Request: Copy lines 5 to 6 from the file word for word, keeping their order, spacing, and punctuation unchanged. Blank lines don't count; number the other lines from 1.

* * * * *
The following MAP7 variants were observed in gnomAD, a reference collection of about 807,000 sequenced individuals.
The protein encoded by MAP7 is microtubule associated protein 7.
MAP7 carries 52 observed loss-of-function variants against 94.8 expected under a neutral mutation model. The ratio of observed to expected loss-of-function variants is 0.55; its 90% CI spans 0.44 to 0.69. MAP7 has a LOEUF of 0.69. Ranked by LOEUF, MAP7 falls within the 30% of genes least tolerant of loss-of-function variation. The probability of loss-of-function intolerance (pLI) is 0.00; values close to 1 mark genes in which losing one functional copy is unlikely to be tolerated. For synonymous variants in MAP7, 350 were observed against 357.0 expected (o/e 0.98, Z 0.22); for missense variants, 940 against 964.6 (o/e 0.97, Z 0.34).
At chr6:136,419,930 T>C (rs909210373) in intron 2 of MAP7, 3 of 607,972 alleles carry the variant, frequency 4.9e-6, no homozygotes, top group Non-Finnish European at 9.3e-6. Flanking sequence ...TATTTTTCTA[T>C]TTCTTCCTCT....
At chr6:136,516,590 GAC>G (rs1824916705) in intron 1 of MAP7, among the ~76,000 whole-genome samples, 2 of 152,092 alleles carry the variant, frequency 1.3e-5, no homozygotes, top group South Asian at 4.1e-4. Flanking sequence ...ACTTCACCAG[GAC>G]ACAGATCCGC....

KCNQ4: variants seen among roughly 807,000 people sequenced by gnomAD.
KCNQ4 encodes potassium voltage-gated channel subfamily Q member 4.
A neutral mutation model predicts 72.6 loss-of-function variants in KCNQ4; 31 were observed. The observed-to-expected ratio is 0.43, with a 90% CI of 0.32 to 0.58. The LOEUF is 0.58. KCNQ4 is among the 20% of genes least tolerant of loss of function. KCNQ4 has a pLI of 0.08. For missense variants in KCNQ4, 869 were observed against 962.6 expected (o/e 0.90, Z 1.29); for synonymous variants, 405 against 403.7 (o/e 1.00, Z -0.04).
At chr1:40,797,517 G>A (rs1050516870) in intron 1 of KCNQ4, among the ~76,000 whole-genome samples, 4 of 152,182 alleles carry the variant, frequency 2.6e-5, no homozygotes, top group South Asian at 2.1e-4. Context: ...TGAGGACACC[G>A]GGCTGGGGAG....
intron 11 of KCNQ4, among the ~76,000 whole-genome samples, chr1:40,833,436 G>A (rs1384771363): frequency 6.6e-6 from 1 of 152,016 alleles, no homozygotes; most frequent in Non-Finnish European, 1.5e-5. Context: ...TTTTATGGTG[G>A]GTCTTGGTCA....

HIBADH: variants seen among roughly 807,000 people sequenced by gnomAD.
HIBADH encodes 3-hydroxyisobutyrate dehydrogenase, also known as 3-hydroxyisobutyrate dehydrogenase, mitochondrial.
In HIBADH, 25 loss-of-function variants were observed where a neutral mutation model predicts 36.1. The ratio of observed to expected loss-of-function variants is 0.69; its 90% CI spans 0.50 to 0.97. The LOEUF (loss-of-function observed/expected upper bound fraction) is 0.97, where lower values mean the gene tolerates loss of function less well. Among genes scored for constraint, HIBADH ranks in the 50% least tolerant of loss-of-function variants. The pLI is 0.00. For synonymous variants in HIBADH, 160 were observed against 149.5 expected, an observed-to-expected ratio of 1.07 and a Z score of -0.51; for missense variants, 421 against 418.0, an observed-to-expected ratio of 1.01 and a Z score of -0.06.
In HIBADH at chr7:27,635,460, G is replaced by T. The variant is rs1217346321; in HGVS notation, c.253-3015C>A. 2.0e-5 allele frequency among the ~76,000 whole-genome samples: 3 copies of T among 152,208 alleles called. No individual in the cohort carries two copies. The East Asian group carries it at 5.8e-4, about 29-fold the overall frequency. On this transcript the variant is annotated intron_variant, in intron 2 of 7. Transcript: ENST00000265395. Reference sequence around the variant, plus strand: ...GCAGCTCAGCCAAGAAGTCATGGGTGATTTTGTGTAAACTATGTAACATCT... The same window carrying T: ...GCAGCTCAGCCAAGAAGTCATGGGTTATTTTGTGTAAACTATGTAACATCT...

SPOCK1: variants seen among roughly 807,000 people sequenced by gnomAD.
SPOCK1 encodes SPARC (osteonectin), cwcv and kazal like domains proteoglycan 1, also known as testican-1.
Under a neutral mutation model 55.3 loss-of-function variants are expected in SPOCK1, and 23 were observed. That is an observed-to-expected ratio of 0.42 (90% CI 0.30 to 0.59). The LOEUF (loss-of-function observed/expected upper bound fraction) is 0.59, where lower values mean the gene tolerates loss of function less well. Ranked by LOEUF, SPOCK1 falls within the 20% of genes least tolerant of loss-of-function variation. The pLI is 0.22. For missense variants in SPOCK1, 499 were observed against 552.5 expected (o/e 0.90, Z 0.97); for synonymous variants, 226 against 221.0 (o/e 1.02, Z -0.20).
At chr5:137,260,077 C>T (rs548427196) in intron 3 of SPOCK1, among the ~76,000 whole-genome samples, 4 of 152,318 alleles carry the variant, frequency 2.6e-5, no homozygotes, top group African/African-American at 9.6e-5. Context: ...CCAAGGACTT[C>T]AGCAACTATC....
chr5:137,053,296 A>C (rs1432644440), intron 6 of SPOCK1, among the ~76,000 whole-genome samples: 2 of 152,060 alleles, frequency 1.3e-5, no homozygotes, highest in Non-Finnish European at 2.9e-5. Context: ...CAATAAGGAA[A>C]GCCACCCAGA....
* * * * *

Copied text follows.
At chr6:136,516,590 GAC>G (rs1824916705) in intron 1 of MAP7, among the ~76,000 whole-genome samples, 2 of 152,092 alleles carry the variant, frequency 1.3e-5, no homozygotes, top group South Asian at 4.1e-4. Flanking sequence ...ACTTCACCAG[GAC>G]ACAGATCCGC....

KCNQ4: variants seen among roughly 807,000 people sequenced by gnomAD.